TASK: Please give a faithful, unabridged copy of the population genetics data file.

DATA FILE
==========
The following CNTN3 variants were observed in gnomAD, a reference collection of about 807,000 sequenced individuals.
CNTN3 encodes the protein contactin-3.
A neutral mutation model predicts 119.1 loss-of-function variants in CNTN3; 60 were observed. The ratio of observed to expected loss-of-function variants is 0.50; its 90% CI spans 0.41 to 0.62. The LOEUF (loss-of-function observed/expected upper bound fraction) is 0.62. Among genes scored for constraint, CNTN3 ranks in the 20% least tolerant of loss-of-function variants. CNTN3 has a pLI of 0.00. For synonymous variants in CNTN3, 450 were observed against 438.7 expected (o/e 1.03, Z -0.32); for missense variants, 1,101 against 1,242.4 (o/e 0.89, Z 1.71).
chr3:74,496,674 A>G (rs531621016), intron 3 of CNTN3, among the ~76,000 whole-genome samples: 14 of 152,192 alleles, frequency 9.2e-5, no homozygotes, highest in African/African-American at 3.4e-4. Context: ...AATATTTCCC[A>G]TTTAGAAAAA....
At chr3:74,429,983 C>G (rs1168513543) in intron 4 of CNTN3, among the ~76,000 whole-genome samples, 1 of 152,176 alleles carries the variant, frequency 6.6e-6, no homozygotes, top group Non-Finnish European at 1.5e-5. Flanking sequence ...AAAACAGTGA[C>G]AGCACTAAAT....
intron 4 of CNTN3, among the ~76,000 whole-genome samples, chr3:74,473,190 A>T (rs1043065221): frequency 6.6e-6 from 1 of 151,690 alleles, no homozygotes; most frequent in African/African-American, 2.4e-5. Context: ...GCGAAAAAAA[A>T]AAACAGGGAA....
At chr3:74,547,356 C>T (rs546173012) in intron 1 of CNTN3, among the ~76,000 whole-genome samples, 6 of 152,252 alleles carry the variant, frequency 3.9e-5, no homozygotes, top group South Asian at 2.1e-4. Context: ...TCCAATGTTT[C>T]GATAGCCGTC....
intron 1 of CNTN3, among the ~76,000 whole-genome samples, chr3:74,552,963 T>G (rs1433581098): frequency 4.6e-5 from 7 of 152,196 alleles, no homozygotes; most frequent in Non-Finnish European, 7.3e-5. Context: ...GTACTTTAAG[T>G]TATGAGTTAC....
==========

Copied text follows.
The following CNTN3 variants were observed in gnomAD, a reference collection of about 807,000 sequenced individuals.
CNTN3 encodes the protein contactin-3.
A neutral mutation model predicts 119.1 loss-of-function variants in CNTN3; 60 were observed. The ratio of observed to expected loss-of-function variants is 0.50; its 90% CI spans 0.41 to 0.62. The LOEUF (loss-of-function observed/expected upper bound fraction) is 0.62. Among genes scored for constraint, CNTN3 ranks in the 20% least tolerant of loss-of-function variants. CNTN3 has a pLI of 0.00. For synonymous variants in CNTN3, 450 were observed against 438.7 expected (o/e 1.03, Z -0.32); for missense variants, 1,101 against 1,242.4 (o/e 0.89, Z 1.71).
chr3:74,496,674 A>G (rs531621016), intron 3 of CNTN3, among the ~76,000 whole-genome samples: 14 of 152,192 alleles, frequency 9.2e-5, no homozygotes, highest in African/African-American at 3.4e-4. Context: ...AATATTTCCC[A>G]TTTAGAAAAA....
At chr3:74,429,983 C>G (rs1168513543) in intron 4 of CNTN3, among the ~76,000 whole-genome samples, 1 of 152,176 alleles carries the variant, frequency 6.6e-6, no homozygotes, top group Non-Finnish European at 1.5e-5. Flanking sequence ...AAAACAGTGA[C>G]AGCACTAAAT....
intron 4 of CNTN3, among the ~76,000 whole-genome samples, chr3:74,473,190 A>T (rs1043065221): frequency 6.6e-6 from 1 of 151,690 alleles, no homozygotes; most frequent in African/African-American, 2.4e-5. Context: ...GCGAAAAAAA[A>T]AAACAGGGAA....
At chr3:74,547,356 C>T (rs546173012) in intron 1 of CNTN3, among the ~76,000 whole-genome samples, 6 of 152,252 alleles carry the variant, frequency 3.9e-5, no homozygotes, top group South Asian at 2.1e-4. Context: ...TCCAATGTTT[C>T]GATAGCCGTC....
intron 1 of CNTN3, among the ~76,000 whole-genome samples, chr3:74,552,963 T>G (rs1433581098): frequency 4.6e-5 from 7 of 152,196 alleles, no homozygotes; most frequent in Non-Finnish European, 7.3e-5. Context: ...GTACTTTAAG[T>G]TATGAGTTAC....